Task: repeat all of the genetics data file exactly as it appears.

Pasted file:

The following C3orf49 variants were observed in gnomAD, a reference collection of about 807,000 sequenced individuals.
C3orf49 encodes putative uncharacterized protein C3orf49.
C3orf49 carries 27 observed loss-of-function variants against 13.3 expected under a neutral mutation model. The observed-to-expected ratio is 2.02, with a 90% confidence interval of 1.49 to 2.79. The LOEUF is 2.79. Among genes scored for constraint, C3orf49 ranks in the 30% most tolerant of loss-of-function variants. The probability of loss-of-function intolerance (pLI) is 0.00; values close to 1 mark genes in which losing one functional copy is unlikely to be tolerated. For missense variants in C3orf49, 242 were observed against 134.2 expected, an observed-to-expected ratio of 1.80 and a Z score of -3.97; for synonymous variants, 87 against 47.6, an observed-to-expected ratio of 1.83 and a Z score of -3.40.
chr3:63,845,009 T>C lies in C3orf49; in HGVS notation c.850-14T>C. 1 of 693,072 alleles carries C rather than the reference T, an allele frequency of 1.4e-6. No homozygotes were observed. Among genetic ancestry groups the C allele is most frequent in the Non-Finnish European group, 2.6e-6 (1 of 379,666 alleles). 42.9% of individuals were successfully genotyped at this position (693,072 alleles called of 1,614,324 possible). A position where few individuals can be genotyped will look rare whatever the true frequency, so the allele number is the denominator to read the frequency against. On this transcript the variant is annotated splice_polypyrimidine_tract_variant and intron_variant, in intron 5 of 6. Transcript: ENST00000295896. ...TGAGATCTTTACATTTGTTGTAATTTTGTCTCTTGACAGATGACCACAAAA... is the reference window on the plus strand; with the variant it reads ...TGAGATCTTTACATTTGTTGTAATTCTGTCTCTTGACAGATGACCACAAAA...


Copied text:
The following C3orf49 variants were observed in gnomAD, a reference collection of about 807,000 sequenced individuals.
C3orf49 encodes putative uncharacterized protein C3orf49.
C3orf49 carries 27 observed loss-of-function variants against 13.3 expected under a neutral mutation model. The observed-to-expected ratio is 2.02, with a 90% confidence interval of 1.49 to 2.79. The LOEUF is 2.79. Among genes scored for constraint, C3orf49 ranks in the 30% most tolerant of loss-of-function variants. The probability of loss-of-function intolerance (pLI) is 0.00; values close to 1 mark genes in which losing one functional copy is unlikely to be tolerated. For missense variants in C3orf49, 242 were observed against 134.2 expected, an observed-to-expected ratio of 1.80 and a Z score of -3.97; for synonymous variants, 87 against 47.6, an observed-to-expected ratio of 1.83 and a Z score of -3.40.
chr3:63,845,009 T>C lies in C3orf49; in HGVS notation c.850-14T>C. 1 of 693,072 alleles carries C rather than the reference T, an allele frequency of 1.4e-6. No homozygotes were observed. Among genetic ancestry groups the C allele is most frequent in the Non-Finnish European group, 2.6e-6 (1 of 379,666 alleles). 42.9% of individuals were successfully genotyped at this position (693,072 alleles called of 1,614,324 possible). A position where few individuals can be genotyped will look rare whatever the true frequency, so the allele number is the denominator to read the frequency against. On this transcript the variant is annotated splice_polypyrimidine_tract_variant and intron_variant, in intron 5 of 6. Transcript: ENST00000295896. ...TGAGATCTTTACATTTGTTGTAATTTTGTCTCTTGACAGATGACCACAAAA... is the reference window on the plus strand; with the variant it reads ...TGAGATCTTTACATTTGTTGTAATTCTGTCTCTTGACAGATGACCACAAAA...